Rochester Massachusetts, 1890
Rochester is a large farming town in the southwesterly part of Plymouth County, 50 miles southeast of Boston. It is bounded on the north by Lakeville and Middleborough, east by Wareham and Marion, south by Mattapoisett, and west by Acushnet and Freetown. The assessed area is 18,410 acres; and above 10,000 acres are occupied by forests of oak, pine and cedar. There are several extensive swamps; the ponds are Snipatuit in the northwest section, with Great and Little Quittacus lying on the northern border; a considerable hill between the three affording a fine view of them and their surroundings. Mary's Pond lies in the east, and in the west is another fine pond with a long hill in the cast, and one or two grist mills near by. Sippican River drains the eastern, and Mattapoisett River the western section of the town.
In the eastern section are other grist mills, and saw mills are found in all parts of the town. There are manufactures of nails, boots and shoes, carriages, etc.; and the value of these products in 1885 was $17,663. The soil is generally light and sandy. The wood and poultry products are large; and apples, strawberries and cranberries are important crops. The aggregate value of the products of the 144 farms was $106,402. The population was 1,021; and of these 311 were legal voters. The valuation in 1888 was $469,370, with a tax-rate of $15.50. The number of taxed dwelling-houses was 262.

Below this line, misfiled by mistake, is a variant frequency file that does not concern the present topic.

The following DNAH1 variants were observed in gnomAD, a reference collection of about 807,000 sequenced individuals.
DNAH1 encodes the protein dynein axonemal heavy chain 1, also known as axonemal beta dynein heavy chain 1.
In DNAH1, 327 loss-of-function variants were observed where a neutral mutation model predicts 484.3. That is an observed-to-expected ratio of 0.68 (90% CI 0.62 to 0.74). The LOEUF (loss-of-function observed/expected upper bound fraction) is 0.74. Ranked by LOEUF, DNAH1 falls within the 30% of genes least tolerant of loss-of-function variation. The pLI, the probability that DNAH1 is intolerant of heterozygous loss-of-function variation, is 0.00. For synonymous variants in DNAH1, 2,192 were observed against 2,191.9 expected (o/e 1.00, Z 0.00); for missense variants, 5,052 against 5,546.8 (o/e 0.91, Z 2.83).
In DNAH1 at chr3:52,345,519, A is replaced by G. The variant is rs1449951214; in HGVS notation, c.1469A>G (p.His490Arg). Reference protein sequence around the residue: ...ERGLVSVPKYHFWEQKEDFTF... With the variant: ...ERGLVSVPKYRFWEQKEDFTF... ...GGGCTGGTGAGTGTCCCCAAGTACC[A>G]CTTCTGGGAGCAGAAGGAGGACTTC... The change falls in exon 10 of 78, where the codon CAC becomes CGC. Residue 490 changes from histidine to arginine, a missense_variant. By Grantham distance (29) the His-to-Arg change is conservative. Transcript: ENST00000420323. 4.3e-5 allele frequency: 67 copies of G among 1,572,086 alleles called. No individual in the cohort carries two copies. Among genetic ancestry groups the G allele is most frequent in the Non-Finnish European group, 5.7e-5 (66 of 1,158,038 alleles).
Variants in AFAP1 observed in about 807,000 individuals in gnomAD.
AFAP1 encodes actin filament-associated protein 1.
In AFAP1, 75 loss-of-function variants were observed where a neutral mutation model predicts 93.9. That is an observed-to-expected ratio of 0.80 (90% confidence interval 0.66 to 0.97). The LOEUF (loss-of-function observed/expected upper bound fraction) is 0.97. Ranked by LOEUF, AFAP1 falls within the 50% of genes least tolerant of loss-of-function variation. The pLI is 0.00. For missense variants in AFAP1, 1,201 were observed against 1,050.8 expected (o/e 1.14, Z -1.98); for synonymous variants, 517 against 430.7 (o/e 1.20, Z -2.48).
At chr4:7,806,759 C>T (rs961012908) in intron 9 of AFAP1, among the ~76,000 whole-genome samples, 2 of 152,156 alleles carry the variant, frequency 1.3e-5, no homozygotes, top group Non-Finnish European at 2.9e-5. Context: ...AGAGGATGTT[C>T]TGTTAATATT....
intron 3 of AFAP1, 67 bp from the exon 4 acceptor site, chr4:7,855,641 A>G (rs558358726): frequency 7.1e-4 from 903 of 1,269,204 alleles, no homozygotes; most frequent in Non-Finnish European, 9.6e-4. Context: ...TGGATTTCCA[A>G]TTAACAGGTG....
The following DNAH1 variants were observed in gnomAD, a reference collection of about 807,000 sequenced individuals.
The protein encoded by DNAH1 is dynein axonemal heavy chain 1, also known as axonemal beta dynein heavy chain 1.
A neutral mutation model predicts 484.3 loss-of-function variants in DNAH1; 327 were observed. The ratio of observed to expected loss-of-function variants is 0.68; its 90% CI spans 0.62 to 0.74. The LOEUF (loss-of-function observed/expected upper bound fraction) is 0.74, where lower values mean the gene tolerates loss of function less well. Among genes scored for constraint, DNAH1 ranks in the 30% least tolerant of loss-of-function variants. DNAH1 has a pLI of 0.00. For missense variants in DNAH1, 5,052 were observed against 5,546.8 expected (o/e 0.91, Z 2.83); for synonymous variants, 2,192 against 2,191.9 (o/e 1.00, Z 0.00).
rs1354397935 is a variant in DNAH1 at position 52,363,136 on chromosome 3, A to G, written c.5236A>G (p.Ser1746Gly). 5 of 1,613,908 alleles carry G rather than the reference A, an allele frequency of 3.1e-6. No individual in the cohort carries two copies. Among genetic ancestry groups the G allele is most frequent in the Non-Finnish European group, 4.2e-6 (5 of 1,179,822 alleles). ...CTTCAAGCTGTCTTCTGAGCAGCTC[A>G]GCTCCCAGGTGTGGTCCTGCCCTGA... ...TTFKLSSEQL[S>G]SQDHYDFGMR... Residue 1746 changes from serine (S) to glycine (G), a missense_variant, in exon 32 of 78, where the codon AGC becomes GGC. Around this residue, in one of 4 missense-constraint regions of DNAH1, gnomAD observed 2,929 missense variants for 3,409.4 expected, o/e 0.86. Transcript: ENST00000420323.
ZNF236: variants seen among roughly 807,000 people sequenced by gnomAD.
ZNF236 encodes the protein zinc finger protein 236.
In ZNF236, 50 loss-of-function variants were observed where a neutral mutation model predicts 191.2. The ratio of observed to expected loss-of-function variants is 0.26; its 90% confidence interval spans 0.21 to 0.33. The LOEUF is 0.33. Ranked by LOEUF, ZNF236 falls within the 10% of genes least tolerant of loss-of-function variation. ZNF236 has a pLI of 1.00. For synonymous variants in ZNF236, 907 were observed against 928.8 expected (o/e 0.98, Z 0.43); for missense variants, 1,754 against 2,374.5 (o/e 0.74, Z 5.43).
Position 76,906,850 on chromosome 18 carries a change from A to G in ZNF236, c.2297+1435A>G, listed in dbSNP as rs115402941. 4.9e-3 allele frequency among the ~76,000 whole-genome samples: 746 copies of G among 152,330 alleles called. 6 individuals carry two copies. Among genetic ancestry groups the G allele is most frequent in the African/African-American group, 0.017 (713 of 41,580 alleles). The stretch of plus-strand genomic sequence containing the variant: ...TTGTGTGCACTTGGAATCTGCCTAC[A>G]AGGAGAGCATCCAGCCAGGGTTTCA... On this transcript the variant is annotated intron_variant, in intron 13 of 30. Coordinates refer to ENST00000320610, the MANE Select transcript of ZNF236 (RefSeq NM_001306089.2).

The post-offices are Rochester (village), somewhat south of the centre, and North Rochester in the northwest section. The other village is Pierceville. The Cape Cod Division of the Old Colony Railroad crosses the northeast corner of the town, having its Tremont station near the border, in Wareham. Marion, at the southeast, on the Fairhaven Branch, is the station most used. Rochester village is a quiet and pleasant place, having a town-hall, a Congregational church, and a free public library of upwards of 1,200 volumes. There is another Congregational church at North Rochester. There are 7 public school-houses, valued at nearly $10,000.
The Indian name of the township is said to have been Menchoisett. Its present name was given in honor of Rochester in England, whence many of its early settlers came. The town (then including Marion and Mattapoisett), was incorporated June 4, 1686. It sent 125 men into the Union service during the late war of whom 10 were lost.
pp. 565-566 in Nason and Varney's Massachusetts Gazetteer, 1890